CORPORATE RENEWABLE ENERGY PURCHASING

Corporate renewable energy in the age of COVID-19, by Sarah Golden, Senior Energy Analyst & VERGE Energy Chair, GreenBiz Group 

“Large energy buyers signed onto 9.33 gigawatts of renewable energy deals in 2019 and they want those projects to come to fruition,” REBA’s CEO, Miranda Ballentine, wrote in an email. “We do expect for company interests and commitments to clean energy to remain strong given they are tied to broader corporate energy goals and emissions reductions targets.”

NET METERING

Which states offer net metering?, by Kelly Pickerel, Editor In Chief, Solar Power World

Congratulations. If you live/work in one of these 34 states, D.C., or four territories, you are able to take advantage of net metering credits in some form. View the database on DSIRE for more details about your specific region.

Net Metering – Nebraska
System Capacity Limit: 25 kW

Net Metering – Iowa
System Capacity Limit: 1 MW

ADDITIONAL PV MAGAZINE POSTS

ZEV PROGRAM 

Statement: Victory! Washington adopts Zero Emission Vehicle program, Environment America
Washington Gov. Jay Inslee today signed the Zero Emission Vehicle (ZEV) program into law. The move takes aim at reducing ozone pollution and greenhouse gas emissions and makes Washington the 12th state to adopt the ZEV program. With this new law, Washington joins the entire West Coast as part of this critical program to get more electric cars on the road. Under ZEV, the Evergreen State will deploy hundreds of thousands of electric vehicles over the next decade. 

PROJECT DRAWDOWN UPDATE

Aggressive action to address climate change could save the world $145 trillion, Yale Climate Connections. A respected research group, Project Drawdown, finds that deploying solutions consistent with meeting the Paris climate targets would cost tens of trillions of dollars globally. But crucially, those outlays would also yield long-term savings many times larger than the up-front costs.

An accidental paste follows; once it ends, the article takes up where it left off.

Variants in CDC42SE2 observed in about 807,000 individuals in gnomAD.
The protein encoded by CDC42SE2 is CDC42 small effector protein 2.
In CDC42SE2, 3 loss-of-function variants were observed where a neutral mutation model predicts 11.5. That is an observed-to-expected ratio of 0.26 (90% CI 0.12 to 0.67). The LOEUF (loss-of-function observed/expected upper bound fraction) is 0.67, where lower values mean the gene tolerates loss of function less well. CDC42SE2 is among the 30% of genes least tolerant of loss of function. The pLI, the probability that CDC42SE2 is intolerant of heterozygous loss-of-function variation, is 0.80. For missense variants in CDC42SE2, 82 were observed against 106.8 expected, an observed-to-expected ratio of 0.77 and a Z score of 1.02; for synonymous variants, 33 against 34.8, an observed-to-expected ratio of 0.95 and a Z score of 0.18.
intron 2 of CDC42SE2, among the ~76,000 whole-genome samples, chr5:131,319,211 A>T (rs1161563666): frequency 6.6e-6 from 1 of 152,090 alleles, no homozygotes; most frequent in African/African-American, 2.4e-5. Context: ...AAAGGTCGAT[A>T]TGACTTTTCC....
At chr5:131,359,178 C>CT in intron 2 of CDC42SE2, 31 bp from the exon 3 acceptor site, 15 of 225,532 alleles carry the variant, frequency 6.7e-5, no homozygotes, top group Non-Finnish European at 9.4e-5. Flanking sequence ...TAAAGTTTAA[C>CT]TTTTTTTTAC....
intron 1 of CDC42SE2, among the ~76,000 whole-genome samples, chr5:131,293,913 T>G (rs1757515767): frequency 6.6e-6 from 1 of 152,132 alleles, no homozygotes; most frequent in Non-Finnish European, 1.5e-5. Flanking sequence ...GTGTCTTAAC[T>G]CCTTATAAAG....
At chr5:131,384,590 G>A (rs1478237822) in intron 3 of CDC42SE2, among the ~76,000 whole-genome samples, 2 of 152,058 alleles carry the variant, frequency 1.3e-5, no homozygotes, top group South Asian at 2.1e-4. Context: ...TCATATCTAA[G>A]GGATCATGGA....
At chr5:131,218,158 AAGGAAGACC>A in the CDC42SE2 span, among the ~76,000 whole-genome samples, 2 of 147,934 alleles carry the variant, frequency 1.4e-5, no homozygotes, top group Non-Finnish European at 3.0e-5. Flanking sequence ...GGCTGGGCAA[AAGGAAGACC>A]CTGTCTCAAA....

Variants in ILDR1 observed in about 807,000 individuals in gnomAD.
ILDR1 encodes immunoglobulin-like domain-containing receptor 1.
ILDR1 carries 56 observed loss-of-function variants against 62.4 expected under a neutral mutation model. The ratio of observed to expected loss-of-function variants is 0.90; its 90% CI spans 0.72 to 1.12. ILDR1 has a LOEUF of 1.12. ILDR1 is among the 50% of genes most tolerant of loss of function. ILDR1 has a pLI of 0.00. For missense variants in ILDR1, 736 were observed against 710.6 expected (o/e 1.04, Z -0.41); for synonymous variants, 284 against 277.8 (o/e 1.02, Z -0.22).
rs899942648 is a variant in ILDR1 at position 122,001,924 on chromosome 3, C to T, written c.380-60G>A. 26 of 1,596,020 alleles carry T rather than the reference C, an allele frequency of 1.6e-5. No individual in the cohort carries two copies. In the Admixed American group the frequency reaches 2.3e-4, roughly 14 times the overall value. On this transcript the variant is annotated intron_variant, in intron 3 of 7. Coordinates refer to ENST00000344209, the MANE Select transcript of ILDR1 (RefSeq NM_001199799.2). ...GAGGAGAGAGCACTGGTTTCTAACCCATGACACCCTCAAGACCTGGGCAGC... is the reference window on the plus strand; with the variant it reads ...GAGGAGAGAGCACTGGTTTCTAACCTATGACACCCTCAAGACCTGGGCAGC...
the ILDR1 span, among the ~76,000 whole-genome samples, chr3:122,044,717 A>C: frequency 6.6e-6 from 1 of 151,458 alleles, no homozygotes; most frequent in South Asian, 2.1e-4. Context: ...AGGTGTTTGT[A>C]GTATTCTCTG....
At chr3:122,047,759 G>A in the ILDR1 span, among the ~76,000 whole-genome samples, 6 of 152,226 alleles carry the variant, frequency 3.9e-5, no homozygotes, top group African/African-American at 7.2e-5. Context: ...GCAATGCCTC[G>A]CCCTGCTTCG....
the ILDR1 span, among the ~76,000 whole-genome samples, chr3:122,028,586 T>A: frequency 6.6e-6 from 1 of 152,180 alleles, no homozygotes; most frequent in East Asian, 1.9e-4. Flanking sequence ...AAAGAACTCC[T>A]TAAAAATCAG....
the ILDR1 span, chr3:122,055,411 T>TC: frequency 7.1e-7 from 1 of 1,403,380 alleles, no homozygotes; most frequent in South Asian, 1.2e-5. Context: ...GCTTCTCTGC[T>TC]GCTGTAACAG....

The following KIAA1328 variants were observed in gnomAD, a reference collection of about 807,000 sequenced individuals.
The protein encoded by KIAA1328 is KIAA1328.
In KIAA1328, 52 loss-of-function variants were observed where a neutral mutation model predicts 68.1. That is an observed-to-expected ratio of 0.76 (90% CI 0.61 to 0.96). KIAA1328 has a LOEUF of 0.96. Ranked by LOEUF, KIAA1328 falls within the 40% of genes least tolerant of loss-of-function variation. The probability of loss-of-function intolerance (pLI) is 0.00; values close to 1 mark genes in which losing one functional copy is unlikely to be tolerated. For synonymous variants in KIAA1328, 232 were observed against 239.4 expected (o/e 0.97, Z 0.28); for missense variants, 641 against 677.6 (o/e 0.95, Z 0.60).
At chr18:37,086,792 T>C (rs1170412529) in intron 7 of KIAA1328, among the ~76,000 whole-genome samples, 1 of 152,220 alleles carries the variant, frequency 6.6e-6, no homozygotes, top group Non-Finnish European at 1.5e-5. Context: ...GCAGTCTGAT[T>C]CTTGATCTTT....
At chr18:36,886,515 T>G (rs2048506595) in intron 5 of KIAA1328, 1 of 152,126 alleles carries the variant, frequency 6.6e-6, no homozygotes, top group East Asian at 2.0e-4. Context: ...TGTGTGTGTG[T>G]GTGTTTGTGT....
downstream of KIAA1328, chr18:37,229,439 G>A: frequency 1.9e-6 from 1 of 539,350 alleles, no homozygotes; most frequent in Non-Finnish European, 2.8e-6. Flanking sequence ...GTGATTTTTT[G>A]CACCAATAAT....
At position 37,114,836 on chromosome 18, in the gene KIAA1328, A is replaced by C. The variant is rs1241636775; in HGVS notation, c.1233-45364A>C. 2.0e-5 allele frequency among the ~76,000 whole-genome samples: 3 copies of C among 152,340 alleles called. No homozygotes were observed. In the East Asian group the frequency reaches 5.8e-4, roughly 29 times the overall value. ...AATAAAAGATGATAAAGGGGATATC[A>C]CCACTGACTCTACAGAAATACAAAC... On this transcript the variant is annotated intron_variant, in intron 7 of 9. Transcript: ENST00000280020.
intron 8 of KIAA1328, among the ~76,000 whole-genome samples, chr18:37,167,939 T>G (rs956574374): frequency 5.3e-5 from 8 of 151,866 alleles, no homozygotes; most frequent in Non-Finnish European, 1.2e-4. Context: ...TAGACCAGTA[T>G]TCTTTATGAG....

FEATURED WEBINAR LIBRARY

Smart Electric Power Alliance (SEPA) on-demand webinars: Many of them are free.

FEATURED BOOK

Grassroots Rising: A Call to Action on Climate, Farming, Food, and a Green New Deal, Chelsea Green Publishing

Grassroots Rising offers a blueprint for building a grassroots Regeneration Movement based on consumer activism, farmer innovation, political change, and regenerative finance—embodied most recently by the proposed Green New Deal in the US.

Using regenerative agriculture practices that restore our agricultural and grazing lands, we can sequester massive amounts of carbon in the soil. Coupled with an aggressive transition toward renewables, Cummins argues that we have the power to not only mitigate and slow down climate change, but actually reverse global warming.

With 10% penetration, EVs could shift all residential peak load to night, analysis of SoCal Ed finds

By Robert Walton, Utility Dive

Electric vehicles have the potential to act as virtual power plants that can help utilities soak up midday renewable energy and discharge in the evenings to reduce peak load, according to a study from Jackson Associates released Wednesday. The analysis, based on 5,000 Southern California Edison (SCE) customers’ hourly loads, commuting behavior and “potential electric vehicle (EV) ownership,” concluded that at a 10% EV penetration, the batteries could shift the utility’s entire residential peak load to nighttime hours.